Do students want to be scientists and contribute to sustainable development?
First insights from the GAI (Global Assessment Instrument)
In this blog post we give preliminary insights into the results of the GAI (Global Assessment Instrument) pre-test which has been running since February 2020. The project Science Education for Action and Engagement towards Sustainability (SEAS) aims to develop models for open-schooling implementation, and the GAI instrument serves to collect information about some important aspects of students’ learning.
Open schooling aims not only at making school accessible by overcoming barriers of distance and time, but also at making content relevant to other spheres beyond the formal education.
This includes linking school activities with out-of-school activities and connecting formal, informal and non-formal settings. Openness in open schooling also refers to the content of local network activities that aim at generating community well-being in terms of addressing local sustainability challenges.
While traditional schooling activities are orientated towards predetermined content, open schooling activities are directed towards addressing issues that are of relevant for the participants and their local networks. Hence, open schooling in this context is characterized by the contribution and collaboration of institutions and actors outside traditional school structures. By including participants in identifying sustainability challenges, they are enabled to develop a sense of ownership and agency over the learning process.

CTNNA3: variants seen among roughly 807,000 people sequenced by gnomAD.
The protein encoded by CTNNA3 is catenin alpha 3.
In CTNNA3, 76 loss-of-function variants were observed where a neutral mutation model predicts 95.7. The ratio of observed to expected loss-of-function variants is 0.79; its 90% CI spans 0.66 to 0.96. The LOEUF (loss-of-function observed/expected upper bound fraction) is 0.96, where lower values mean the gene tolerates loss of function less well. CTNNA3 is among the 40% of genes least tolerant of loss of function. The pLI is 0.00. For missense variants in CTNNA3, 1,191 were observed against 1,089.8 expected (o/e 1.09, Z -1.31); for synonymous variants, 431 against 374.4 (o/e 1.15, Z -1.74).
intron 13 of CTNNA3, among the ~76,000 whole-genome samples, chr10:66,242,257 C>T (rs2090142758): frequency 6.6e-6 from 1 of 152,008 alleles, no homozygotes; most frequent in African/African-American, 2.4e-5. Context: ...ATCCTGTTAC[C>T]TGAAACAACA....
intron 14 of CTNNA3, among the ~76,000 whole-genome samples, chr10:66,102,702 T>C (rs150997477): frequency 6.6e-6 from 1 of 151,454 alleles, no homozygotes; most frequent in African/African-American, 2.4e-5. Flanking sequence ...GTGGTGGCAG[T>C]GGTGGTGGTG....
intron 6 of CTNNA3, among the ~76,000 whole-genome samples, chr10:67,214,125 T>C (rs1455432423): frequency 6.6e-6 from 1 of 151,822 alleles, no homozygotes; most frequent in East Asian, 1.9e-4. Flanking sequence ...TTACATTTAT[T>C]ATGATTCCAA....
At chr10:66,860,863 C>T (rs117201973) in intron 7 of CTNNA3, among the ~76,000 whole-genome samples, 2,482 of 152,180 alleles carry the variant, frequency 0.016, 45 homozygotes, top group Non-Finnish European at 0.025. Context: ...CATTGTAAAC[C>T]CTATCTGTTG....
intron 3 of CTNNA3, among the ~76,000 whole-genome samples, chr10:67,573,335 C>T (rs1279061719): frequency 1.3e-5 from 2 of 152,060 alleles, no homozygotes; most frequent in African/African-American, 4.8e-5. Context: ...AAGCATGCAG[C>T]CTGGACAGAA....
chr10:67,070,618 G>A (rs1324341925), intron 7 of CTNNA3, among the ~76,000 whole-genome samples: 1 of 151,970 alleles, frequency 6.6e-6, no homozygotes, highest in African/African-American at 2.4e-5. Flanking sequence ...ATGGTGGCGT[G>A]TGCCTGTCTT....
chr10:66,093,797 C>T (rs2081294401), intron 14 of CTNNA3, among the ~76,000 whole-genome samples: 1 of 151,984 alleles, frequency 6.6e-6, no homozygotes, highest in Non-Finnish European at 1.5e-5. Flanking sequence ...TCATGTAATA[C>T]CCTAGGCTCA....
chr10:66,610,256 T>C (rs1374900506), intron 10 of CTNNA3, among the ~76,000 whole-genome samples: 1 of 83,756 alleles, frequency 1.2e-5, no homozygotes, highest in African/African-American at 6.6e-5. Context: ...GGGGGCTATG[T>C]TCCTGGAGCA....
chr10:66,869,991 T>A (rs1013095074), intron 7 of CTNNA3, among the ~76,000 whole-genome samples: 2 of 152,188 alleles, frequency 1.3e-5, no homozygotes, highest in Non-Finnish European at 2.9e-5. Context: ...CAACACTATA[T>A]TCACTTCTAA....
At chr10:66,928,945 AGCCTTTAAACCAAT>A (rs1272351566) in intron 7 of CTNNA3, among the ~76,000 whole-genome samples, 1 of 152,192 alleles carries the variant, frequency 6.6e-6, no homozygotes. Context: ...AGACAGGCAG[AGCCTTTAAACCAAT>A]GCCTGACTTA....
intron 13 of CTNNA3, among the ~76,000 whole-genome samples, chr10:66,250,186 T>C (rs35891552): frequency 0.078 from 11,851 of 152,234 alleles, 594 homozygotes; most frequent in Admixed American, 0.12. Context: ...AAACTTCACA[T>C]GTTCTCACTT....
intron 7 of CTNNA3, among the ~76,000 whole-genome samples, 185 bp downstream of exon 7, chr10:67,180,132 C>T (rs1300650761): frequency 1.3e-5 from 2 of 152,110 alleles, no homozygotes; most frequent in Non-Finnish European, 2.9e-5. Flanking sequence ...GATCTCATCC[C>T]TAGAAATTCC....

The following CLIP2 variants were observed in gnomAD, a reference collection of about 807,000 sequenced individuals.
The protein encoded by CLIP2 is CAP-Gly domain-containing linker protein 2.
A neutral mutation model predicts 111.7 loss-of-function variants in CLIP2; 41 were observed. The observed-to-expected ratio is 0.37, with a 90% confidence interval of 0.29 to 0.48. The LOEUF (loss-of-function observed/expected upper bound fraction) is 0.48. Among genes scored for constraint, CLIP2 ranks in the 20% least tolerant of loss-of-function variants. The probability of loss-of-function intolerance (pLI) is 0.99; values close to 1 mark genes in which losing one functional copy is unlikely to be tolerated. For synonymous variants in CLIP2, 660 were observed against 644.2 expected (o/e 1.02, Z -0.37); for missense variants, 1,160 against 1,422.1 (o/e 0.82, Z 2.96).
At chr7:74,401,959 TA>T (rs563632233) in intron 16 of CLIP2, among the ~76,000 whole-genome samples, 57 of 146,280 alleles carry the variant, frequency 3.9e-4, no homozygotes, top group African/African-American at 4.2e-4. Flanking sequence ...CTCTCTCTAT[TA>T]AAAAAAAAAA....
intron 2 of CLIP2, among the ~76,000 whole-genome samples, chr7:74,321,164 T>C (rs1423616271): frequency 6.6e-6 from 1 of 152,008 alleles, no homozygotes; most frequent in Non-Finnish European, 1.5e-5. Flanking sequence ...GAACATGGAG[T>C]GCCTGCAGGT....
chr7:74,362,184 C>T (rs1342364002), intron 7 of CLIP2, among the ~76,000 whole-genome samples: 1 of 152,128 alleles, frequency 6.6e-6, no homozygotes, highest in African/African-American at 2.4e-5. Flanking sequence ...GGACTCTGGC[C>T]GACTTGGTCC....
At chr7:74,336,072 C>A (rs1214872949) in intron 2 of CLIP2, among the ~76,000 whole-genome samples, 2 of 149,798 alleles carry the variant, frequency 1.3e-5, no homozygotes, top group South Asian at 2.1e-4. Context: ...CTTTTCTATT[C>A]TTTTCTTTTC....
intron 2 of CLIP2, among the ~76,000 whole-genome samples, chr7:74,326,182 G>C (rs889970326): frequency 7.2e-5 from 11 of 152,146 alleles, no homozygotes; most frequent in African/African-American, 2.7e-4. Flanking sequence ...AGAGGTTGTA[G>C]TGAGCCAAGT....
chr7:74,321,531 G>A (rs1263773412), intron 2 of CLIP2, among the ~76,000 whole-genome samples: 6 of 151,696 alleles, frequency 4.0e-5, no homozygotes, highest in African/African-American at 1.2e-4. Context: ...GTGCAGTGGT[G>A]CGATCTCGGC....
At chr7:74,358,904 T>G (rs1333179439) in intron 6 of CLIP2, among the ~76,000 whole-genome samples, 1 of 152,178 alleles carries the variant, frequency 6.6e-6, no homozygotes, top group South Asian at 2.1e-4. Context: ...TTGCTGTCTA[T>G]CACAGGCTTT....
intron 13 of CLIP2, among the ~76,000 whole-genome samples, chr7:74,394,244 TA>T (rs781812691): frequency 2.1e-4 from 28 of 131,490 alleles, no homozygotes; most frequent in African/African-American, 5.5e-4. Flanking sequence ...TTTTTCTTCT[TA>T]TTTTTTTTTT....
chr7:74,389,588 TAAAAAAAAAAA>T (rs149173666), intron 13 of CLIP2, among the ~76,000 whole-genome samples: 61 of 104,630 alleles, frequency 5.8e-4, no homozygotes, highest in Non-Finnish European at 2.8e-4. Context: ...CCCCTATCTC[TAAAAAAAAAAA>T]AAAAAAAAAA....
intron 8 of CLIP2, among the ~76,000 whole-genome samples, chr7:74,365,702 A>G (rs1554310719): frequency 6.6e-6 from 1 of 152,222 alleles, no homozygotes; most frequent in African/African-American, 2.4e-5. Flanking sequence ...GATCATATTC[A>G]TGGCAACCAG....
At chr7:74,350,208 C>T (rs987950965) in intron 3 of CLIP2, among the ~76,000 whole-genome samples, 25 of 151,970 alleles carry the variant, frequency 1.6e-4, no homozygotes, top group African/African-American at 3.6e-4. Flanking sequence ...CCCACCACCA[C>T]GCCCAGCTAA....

The Global Assessment Instrument
The GAI aims to collect data with respect to the overall goals of enhancing literacy and interest among children and adolescents. We use two standardized online questionnaires for different age groups to assess the impact of the six open schooling networks on the participants’ scientific literacy, interest in scientific careers and sustainability citizenship.
Pre- and post-measurements are performed at the beginning and end of each SEAS intervention within each local network. The pre-test defines the status-quo in terms of student’s knowledge, attitudes and behaviour. It also serves as a benchmark to later compare the results to those of the post-test and to identify impacts of the open schooling activities. The post-test contains the same constructs and items as the pre-test.
The instrument was developed in cooperation between the partners alpS GmbH, The Association for Science Education, the University of Ghent and the University of Oslo. It is builds on previously identified assessment resources in dimensions relevant to operationalising literacy and interest in the terms outlined in the SEAS’ conceptual framework.
First insights in the pre-test results
By the beginning of 2021, 299 pre-tests had been collected from pupils mostly between 13 and 18 years of age from Estonia, Germany, Belgium, Italy and Norway.
Scientific literacy is understood primarily in the context of improving engagement with sustainability issues.
Beyond the ability consider phenomena according to disciplinary terminology and discourses, scientific literacy here refers to a “critical”, “emphatic” and “reflexive” engagement with phenomena.
As a background for the SEAS methods, scientific literacy is about applying and adapting scientific knowledge and methods to real-life challenges. It is also about reflecting on the usefulness and relevance of science, thereby connecting science to beliefs, values and interests. It is the kind of civic scientific literacy that enables individuals to participate in democratic debates on issues of public interest.